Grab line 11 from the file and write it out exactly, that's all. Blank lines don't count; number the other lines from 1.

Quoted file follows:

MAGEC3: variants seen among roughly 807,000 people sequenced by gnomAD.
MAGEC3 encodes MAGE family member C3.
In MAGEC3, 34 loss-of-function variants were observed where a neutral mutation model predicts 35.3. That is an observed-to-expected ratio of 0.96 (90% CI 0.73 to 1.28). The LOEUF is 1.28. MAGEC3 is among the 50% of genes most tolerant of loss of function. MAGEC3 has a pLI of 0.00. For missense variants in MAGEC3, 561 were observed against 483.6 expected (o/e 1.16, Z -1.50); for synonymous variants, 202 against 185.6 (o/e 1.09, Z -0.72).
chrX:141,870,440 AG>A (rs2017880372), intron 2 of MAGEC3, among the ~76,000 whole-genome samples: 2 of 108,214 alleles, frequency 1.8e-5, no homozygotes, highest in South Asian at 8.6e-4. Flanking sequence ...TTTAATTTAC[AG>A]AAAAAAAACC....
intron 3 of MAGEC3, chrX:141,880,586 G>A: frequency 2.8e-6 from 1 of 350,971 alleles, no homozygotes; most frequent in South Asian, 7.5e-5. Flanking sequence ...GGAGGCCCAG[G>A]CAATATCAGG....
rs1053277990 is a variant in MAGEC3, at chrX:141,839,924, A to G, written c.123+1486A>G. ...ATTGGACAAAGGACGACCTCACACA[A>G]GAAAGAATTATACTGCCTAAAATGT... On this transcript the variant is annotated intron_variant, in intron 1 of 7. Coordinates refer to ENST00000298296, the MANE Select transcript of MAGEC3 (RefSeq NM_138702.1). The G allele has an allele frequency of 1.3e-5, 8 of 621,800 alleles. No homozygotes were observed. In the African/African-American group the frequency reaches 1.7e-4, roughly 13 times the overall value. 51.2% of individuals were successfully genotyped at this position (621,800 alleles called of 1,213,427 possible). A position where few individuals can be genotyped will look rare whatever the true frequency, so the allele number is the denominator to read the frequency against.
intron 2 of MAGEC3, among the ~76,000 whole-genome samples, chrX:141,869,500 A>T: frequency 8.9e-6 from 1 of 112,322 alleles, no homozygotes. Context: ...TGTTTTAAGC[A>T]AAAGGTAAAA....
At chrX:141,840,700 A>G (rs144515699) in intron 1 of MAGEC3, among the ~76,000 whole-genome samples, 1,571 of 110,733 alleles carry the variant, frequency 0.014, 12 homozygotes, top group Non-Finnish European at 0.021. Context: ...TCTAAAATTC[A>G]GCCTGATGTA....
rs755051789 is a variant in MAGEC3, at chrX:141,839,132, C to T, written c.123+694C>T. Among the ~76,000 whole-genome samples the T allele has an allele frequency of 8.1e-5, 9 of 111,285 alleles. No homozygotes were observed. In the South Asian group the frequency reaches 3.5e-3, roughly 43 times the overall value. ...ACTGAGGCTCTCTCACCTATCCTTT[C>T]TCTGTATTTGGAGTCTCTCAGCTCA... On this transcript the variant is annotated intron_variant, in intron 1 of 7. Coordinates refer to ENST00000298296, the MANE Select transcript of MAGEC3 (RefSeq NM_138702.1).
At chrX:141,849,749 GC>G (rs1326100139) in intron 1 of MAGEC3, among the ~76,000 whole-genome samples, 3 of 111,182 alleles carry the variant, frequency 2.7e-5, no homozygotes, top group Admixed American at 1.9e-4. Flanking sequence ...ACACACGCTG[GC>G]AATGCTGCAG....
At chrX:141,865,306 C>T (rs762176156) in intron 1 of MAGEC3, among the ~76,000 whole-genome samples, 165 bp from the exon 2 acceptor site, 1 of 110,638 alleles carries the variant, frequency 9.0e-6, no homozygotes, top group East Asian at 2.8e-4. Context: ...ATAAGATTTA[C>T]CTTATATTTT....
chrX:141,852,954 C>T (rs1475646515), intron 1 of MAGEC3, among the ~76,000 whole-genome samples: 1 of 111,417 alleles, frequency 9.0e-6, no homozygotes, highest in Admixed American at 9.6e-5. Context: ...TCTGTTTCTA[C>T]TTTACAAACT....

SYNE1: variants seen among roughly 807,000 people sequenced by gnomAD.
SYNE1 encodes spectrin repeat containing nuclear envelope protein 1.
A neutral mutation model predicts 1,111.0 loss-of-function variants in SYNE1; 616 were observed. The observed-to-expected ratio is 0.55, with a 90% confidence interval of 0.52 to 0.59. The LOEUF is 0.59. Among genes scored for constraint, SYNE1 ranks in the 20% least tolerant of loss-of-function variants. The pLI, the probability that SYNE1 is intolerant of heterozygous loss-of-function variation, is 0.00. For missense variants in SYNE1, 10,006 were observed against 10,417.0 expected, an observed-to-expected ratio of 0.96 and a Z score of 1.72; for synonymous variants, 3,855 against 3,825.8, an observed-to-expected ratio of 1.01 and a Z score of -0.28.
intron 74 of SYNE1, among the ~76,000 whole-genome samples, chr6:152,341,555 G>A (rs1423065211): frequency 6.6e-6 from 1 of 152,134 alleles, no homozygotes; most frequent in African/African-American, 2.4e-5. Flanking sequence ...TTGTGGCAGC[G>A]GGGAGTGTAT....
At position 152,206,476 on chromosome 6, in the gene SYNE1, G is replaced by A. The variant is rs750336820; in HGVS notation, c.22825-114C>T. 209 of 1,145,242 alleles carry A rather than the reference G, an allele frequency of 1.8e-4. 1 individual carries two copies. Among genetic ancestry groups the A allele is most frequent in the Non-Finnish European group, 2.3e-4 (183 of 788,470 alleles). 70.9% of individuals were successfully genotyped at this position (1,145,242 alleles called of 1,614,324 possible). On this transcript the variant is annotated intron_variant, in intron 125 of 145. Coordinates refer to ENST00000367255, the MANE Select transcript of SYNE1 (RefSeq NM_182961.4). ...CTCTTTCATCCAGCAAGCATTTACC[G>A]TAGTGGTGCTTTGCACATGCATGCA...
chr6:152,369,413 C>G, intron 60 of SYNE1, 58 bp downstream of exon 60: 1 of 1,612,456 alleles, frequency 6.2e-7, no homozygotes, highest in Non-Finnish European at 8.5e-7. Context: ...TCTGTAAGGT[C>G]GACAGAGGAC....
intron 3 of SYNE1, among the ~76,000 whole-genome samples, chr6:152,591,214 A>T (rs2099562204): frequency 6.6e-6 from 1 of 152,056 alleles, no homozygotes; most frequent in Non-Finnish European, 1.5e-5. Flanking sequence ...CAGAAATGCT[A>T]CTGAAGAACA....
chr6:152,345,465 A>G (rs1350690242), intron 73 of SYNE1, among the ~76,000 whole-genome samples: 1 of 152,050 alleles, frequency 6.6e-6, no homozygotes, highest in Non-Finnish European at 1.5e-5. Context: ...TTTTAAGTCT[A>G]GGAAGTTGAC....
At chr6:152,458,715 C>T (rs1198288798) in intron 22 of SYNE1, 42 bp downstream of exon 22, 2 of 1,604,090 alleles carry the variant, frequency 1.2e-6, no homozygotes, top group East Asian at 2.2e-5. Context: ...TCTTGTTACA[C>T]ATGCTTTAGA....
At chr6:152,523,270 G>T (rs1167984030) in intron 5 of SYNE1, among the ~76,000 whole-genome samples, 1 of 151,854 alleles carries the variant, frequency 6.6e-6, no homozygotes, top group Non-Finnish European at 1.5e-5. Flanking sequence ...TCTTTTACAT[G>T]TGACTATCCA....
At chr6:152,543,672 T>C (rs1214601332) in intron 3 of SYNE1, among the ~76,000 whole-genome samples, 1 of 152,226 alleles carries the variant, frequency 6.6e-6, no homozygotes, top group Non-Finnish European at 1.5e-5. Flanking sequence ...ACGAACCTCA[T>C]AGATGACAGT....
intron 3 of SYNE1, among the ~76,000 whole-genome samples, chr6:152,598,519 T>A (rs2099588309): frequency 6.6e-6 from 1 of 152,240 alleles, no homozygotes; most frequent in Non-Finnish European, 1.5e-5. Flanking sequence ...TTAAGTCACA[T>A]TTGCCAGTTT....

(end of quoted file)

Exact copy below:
At chrX:141,865,306 C>T (rs762176156) in intron 1 of MAGEC3, among the ~76,000 whole-genome samples, 165 bp from the exon 2 acceptor site, 1 of 110,638 alleles carries the variant, frequency 9.0e-6, no homozygotes, top group East Asian at 2.8e-4. Context: ...ATAAGATTTA[C>T]CTTATATTTT....